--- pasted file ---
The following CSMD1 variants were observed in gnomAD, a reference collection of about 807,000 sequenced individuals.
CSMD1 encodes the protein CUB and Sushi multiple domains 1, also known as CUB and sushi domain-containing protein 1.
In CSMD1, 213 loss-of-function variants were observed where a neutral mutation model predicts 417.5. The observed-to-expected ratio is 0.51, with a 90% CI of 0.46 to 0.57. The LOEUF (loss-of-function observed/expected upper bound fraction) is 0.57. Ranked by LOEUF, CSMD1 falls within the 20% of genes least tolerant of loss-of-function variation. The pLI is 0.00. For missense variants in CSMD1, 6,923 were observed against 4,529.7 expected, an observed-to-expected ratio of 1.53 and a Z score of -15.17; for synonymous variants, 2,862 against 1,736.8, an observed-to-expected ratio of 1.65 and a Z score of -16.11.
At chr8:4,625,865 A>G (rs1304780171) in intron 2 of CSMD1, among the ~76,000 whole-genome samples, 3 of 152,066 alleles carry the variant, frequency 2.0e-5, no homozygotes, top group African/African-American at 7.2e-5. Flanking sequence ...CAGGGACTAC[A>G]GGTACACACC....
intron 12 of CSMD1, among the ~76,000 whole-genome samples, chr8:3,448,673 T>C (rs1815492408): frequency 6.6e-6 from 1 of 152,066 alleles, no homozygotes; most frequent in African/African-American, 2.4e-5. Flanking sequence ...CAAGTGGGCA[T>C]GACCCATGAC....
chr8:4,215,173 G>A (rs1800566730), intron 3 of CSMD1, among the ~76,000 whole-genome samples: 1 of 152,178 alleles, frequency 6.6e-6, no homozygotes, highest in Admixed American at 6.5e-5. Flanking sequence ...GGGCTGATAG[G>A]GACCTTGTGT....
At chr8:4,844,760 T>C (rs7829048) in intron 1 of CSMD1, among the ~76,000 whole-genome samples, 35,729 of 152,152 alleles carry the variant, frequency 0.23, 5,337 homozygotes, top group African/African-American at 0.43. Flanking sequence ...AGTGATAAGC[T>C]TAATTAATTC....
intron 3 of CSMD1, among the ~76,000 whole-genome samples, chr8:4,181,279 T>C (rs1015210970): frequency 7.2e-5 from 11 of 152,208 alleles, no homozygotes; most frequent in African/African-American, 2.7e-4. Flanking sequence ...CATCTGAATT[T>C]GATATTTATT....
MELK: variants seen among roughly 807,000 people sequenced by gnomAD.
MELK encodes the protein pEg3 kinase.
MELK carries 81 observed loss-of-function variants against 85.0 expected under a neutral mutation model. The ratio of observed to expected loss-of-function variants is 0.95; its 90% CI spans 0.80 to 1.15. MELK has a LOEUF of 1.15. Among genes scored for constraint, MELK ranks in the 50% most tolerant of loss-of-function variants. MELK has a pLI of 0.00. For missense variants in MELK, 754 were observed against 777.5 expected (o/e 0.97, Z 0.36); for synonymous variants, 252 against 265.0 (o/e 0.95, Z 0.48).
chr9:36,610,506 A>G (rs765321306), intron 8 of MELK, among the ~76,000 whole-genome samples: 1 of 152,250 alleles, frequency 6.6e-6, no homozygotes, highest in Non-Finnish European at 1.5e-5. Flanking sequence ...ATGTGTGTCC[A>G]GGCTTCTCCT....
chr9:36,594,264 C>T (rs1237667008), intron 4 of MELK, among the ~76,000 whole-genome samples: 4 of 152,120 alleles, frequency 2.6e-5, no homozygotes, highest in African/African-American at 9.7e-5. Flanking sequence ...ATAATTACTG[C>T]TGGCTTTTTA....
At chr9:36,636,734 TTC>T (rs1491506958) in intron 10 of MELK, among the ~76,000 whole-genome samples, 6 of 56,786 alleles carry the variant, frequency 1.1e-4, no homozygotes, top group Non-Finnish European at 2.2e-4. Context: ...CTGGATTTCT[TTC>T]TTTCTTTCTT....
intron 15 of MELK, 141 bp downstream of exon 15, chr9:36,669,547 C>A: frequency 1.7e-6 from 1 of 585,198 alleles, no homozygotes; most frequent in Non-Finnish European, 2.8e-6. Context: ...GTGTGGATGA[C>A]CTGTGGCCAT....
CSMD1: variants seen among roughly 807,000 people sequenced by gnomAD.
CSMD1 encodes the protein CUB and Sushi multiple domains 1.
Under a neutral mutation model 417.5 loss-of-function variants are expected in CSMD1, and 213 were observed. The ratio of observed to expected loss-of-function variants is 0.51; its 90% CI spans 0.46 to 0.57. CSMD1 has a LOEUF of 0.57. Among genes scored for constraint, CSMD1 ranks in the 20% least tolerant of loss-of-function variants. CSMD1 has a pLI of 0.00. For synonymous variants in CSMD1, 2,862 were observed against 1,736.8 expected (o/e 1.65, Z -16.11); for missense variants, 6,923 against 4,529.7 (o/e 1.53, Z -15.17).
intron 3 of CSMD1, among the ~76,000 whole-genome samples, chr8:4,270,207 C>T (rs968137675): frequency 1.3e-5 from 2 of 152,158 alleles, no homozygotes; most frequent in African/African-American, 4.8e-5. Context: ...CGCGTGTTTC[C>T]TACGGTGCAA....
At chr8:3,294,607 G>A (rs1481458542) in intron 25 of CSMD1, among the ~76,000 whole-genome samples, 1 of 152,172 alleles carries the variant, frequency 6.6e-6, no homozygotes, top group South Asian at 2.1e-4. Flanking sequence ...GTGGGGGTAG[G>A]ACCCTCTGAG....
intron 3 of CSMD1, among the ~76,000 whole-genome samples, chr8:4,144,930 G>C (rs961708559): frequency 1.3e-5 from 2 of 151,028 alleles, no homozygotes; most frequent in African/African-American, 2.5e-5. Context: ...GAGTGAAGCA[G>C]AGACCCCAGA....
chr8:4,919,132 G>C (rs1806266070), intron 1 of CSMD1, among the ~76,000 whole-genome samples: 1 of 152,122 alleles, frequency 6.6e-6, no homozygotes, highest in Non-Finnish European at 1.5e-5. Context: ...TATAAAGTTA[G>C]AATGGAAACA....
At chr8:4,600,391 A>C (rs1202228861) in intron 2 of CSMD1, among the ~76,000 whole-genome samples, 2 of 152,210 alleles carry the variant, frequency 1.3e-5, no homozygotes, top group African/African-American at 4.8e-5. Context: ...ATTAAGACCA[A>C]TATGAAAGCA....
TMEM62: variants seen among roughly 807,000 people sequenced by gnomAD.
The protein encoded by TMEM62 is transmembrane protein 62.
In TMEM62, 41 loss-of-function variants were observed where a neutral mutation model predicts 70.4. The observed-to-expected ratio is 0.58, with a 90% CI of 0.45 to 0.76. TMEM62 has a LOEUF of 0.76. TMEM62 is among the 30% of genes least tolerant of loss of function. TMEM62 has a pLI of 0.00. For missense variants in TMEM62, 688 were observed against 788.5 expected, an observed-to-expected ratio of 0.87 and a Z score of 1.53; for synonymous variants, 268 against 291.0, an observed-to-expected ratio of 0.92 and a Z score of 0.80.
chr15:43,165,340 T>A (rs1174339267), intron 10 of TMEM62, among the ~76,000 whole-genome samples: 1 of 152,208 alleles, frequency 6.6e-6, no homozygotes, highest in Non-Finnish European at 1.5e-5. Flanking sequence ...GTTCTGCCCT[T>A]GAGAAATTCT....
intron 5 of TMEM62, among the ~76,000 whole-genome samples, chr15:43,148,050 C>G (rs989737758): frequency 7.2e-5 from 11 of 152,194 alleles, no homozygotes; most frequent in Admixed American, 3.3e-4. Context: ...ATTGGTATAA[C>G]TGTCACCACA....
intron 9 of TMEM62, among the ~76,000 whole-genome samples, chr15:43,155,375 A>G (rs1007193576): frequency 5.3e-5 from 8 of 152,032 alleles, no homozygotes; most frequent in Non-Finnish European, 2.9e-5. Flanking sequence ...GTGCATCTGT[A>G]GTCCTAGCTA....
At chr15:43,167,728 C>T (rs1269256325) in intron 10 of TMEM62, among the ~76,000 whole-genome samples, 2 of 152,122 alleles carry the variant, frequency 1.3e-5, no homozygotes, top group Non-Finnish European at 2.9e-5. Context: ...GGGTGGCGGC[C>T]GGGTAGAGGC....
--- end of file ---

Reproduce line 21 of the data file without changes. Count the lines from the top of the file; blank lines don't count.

intron 3 of CSMD1, among the ~76,000 whole-genome samples, chr8:4,144,930 G>C (rs961708559): frequency 1.3e-5 from 2 of 151,028 alleles, no homozygotes; most frequent in African/African-American, 2.5e-5. Context: ...GAGTGAAGCA[G>C]AGACCCCAGA....